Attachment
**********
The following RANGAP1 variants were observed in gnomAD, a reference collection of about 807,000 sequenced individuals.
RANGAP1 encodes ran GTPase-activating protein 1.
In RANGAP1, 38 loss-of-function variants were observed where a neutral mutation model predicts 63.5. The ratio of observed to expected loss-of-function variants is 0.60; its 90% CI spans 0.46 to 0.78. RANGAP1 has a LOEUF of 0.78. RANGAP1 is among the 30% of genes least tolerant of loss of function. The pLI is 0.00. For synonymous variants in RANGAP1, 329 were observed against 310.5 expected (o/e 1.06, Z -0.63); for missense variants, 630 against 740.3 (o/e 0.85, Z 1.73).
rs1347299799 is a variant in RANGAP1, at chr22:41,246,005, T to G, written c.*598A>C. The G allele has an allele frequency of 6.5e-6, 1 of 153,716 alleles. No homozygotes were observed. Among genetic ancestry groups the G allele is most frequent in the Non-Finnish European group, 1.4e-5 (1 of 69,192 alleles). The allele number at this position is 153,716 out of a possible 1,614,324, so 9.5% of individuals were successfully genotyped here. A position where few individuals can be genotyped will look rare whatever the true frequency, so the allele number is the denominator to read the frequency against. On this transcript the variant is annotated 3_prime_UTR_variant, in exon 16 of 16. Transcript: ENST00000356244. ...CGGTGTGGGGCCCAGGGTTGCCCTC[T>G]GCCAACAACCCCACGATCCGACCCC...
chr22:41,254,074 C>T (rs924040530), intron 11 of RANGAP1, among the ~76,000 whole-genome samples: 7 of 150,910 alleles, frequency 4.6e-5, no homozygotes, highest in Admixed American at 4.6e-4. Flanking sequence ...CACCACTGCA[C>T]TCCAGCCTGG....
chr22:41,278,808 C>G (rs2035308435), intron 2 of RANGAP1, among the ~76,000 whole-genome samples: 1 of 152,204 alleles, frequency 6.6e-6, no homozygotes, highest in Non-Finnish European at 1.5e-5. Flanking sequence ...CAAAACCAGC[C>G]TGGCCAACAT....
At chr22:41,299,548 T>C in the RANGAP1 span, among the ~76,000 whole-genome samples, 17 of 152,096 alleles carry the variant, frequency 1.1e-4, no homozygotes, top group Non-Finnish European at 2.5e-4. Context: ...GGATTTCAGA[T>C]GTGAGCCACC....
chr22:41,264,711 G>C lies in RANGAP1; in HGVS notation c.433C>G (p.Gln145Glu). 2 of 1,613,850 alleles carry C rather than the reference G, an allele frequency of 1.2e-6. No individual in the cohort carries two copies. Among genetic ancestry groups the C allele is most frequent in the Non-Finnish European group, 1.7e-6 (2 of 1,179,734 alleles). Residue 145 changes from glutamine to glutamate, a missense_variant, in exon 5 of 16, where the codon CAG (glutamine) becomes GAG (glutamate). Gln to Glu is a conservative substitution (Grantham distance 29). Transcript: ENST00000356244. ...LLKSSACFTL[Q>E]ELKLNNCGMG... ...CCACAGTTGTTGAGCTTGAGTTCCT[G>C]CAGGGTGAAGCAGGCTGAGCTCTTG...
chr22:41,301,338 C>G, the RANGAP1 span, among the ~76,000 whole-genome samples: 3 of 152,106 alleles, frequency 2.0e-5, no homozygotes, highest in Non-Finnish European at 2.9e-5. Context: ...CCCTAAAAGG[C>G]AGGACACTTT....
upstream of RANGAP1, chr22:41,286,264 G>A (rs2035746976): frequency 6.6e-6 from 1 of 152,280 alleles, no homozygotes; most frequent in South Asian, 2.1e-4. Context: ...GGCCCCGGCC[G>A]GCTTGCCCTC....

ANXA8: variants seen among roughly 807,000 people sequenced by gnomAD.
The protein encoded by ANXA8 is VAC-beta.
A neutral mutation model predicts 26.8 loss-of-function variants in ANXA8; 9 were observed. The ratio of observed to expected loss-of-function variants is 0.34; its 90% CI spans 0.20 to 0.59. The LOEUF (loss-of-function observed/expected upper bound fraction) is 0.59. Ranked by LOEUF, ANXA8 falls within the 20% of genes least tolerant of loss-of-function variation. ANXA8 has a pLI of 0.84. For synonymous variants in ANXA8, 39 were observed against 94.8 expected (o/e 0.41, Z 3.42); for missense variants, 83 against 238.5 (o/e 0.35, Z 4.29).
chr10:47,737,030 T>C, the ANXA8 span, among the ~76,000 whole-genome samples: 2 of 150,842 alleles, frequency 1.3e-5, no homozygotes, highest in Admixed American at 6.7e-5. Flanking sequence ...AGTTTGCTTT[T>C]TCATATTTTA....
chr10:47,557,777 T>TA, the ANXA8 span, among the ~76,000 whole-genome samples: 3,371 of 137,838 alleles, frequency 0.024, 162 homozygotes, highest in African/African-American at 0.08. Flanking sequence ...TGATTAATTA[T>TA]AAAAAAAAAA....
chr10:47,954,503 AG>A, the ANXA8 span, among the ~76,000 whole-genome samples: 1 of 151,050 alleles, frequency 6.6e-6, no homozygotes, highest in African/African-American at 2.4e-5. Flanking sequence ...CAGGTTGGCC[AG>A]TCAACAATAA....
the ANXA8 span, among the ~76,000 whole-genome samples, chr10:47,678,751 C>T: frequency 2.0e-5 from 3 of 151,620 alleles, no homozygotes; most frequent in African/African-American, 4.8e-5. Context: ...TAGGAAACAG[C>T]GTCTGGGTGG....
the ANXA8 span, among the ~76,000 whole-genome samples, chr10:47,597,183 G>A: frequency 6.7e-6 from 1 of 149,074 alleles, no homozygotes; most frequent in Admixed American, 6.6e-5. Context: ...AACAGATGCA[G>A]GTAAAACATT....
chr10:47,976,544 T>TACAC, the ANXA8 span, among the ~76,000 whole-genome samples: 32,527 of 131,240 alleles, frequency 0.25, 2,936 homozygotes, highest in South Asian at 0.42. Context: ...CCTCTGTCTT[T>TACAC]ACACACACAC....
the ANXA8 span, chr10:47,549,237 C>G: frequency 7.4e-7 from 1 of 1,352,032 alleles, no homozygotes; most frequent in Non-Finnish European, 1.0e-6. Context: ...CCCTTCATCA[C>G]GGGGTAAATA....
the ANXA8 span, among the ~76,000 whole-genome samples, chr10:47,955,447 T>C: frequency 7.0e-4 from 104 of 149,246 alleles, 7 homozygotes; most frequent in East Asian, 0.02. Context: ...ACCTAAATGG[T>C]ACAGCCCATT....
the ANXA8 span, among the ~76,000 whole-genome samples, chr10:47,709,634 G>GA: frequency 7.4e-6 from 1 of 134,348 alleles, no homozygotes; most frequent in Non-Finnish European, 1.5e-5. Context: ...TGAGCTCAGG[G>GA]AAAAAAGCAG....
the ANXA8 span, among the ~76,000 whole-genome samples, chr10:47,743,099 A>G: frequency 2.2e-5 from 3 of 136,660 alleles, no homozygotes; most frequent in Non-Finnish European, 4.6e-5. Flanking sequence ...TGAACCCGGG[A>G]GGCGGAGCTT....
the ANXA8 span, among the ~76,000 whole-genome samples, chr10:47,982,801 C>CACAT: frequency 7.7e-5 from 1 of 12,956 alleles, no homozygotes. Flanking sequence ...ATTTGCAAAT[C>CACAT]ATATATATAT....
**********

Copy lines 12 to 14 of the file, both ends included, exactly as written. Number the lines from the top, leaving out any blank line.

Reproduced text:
The protein encoded by ANXA8 is VAC-beta.
A neutral mutation model predicts 26.8 loss-of-function variants in ANXA8; 9 were observed. The ratio of observed to expected loss-of-function variants is 0.34; its 90% CI spans 0.20 to 0.59. The LOEUF (loss-of-function observed/expected upper bound fraction) is 0.59. Ranked by LOEUF, ANXA8 falls within the 20% of genes least tolerant of loss-of-function variation. ANXA8 has a pLI of 0.84. For synonymous variants in ANXA8, 39 were observed against 94.8 expected (o/e 0.41, Z 3.42); for missense variants, 83 against 238.5 (o/e 0.35, Z 4.29).
chr10:47,737,030 T>C, the ANXA8 span, among the ~76,000 whole-genome samples: 2 of 150,842 alleles, frequency 1.3e-5, no homozygotes, highest in Admixed American at 6.7e-5. Flanking sequence ...AGTTTGCTTT[T>C]TCATATTTTA....